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EMERALD

Introduction:  Emerald is a variety of the beryl species. Pictured on the left is an emerald crystal on matrix from the La Pita Mine, Boyaca, Colombia.  The cut stones are all from Colombia weighing (left to right), 1.04 ct, 1.76 ct and 0.76 ct

Colors:  Medium to dark green to strongly bluish-green.  Gems that are extremely light to light in tone would be considered as green beryl as the intensity of color would not be strong enough to be called emerald.  

Clarity:  Emerald is of Type III clarity.  Gems of this type typically grow with many inclusions in nature and those inclusions are usually eye visible.  Multi phase inclusions, mica, calcite and pyrite are all commonly seen inclusions in emeralds.  Often, the source or country of origin of an emerald can be determined based on the type of inclusions that are identified.  Trapiche emeralds are Colombian emeralds that form with  black carbonaceous shale (the host in which the emeralds forms) radiating from the center of the crystal as spokes on a bicycle wheel.  They are usually cut as slices or cabochons.  

Stone Sizes:  Many museums display fine and large emeralds, both as crystals and gemstones including a 117 ct Colombian stone at the Smithsonian.  The Banco de la Republica in Bogota, Colombia houses a collection of extraordinary crystals up to 1796 carats in weight.  Most faceted emeralds in the market today are up to 15 carats in weight.

Localities:  Major sources for emerald include Colombia (Muzo, Chivor, Gachala, Cosquez, La Pita) Zambia (Miku, Mifulira), Brazil, Pakistan (Swat Valley), Afghanistan (Panjshir Valley) and Russia.  In the United States, fine emerald has been found on a very small scale in Hiddenite, North Carolina.

Treatments:
-Oiling/Resin Infusion (O) has been a known treatment of emeralds for centuries. In this treatment, surface breaking fissures are filled with colorless oil, wax or resin to improve the appearance.  The goal is to hide inclusions, improve transparency and sometimes improve color.  It is routinely performed on stones with surface breaking fissures.  The treatment can be detected with magnification.  Stability is fair to poor as oils can leak out in time and resins can discolor.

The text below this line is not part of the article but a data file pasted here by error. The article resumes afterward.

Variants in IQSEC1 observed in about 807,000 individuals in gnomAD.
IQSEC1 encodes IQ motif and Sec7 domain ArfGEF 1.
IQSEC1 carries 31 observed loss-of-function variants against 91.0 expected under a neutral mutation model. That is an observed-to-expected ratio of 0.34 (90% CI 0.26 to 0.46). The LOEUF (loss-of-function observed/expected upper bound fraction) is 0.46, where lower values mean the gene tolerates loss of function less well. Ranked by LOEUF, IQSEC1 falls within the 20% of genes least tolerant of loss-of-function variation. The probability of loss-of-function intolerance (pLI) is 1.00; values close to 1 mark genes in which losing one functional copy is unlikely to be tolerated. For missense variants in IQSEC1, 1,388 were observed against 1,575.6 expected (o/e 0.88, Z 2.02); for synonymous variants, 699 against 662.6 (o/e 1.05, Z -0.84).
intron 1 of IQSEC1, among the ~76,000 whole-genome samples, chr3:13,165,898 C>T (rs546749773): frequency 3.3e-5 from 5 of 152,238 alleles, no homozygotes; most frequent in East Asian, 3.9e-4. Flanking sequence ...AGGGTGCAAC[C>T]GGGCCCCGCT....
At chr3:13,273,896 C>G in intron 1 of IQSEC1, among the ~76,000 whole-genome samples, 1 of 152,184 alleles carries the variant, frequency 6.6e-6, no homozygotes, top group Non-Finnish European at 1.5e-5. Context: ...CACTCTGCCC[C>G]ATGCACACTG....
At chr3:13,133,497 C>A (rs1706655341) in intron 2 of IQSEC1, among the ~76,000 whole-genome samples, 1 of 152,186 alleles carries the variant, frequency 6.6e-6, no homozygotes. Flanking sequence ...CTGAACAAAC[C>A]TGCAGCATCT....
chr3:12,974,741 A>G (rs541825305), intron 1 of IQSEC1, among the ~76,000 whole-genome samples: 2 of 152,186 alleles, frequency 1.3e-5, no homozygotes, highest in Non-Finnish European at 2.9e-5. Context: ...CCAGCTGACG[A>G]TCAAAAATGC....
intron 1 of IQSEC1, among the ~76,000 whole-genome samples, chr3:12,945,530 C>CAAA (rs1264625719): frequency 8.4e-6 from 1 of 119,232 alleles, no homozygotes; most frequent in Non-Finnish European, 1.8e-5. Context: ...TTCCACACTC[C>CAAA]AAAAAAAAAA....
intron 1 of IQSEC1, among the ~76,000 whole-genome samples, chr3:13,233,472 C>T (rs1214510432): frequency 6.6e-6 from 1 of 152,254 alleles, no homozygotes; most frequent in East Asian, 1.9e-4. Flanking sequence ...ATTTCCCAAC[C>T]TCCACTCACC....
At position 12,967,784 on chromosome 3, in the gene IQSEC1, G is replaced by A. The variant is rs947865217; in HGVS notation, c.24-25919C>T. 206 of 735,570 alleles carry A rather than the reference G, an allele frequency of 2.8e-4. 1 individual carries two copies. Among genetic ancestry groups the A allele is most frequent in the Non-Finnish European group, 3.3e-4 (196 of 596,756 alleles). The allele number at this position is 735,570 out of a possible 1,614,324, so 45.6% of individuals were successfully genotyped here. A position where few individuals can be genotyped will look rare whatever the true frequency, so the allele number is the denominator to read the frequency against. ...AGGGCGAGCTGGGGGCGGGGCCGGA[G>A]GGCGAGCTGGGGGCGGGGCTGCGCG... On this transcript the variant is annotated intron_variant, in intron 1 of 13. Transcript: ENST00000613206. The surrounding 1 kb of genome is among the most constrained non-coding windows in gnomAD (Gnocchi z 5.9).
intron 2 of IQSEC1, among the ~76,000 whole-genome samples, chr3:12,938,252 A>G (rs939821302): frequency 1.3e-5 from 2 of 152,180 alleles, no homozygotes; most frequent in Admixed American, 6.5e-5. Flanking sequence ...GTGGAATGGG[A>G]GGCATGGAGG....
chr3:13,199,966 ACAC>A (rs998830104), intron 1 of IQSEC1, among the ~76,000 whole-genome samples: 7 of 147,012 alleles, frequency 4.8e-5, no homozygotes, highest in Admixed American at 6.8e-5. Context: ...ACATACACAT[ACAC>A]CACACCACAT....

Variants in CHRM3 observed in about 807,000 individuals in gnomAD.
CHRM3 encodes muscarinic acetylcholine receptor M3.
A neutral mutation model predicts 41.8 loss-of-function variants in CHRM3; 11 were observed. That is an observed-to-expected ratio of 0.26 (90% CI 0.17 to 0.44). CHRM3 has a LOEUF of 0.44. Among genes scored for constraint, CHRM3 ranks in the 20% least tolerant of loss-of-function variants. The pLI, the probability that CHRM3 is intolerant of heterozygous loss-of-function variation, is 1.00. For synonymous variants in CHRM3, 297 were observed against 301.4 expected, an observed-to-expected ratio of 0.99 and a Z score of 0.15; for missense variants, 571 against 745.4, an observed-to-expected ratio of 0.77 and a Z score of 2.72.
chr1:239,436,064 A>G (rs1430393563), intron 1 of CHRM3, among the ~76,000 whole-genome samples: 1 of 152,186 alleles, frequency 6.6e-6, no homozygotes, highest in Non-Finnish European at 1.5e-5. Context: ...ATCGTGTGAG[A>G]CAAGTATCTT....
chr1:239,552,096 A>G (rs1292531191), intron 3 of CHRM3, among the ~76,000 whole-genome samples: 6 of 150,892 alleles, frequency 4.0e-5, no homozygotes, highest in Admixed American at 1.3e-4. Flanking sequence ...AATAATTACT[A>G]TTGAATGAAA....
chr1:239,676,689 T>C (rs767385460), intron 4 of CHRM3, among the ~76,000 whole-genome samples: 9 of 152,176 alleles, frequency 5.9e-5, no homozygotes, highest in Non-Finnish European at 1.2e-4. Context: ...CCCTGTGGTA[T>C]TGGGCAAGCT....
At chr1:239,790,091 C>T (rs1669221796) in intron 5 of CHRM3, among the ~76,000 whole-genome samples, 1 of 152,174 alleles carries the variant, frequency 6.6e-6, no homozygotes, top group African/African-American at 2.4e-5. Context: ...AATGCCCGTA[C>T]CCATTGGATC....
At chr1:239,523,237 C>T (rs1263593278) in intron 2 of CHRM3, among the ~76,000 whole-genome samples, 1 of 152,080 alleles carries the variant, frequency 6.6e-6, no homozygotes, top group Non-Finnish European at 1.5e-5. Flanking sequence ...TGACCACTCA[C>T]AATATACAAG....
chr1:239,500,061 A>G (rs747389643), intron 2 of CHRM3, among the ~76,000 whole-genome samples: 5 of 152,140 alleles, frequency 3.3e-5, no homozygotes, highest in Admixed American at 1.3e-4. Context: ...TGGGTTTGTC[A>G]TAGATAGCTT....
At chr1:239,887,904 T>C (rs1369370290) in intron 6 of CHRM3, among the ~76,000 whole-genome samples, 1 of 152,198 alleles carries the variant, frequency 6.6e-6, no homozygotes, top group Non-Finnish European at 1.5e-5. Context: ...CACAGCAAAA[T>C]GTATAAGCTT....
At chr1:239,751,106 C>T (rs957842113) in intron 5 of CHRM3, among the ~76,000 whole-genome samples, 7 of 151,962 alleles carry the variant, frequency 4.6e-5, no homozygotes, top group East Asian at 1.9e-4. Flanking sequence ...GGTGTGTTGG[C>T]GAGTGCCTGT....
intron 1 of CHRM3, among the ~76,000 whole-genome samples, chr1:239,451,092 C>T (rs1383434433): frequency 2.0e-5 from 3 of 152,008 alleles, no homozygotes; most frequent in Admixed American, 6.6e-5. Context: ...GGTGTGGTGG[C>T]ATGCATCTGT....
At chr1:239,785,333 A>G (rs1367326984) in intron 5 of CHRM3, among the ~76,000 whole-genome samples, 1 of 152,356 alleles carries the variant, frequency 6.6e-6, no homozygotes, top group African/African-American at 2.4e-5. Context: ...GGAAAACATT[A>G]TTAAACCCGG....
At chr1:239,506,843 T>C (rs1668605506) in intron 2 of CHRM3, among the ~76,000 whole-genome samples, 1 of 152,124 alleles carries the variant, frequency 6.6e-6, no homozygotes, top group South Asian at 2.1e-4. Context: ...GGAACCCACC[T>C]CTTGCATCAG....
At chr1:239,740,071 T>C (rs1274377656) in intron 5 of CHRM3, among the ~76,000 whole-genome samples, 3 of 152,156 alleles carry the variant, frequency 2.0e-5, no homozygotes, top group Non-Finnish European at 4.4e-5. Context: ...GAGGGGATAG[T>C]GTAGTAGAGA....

Gemology:
-Refractive Index:    1.577-1.583 (+/- 0.017)

-Birefringence:  0.005 to 0.009

-Optic Character:  Doubly refractive, uniaxial negative

-Dispersion:  0.014

-Specific Gravity:  2.72 (+0.18, -0.05)

-Hardness:  7.5-8

-Toughness:  Poor to good

-Chemical Composition:  Be3Al2Si6O18

-Cause of Color:  Chromium, sometimes vanadium or by both chromium and vanadium.

-Absorption Spectra:  Distinct lines at 683 and 680.5 nm, less distinct lines at 662 and 646 nm, partial absorption between 630 and 580 nm and almost complete absorption of the violet

-Fluorescence:   Usually inert but may fluoresce (LW) orangy-red to red in very fine colors.  Oil in fractures may fluoresce yellowish-green to greenish-yellow in LW

-Cleavage:  Indistinct in one direction and almost never seen.

-Phenomena:  Chatoyancy (rare)

Name:  Emerald is from the Greek smaragdos, through the Latin smaragdus to Middle English, esmeralde.

Dates:  Emerald is the birthstone for May and the 20th anniversary stone.

Care:  The ultrasonic and steam cleaner should never be used.  Warm, sopay water is generall safe.  Strong detergents and vigorous scrubbing on oiled stones should be avoided.

To see available emeralds, click here.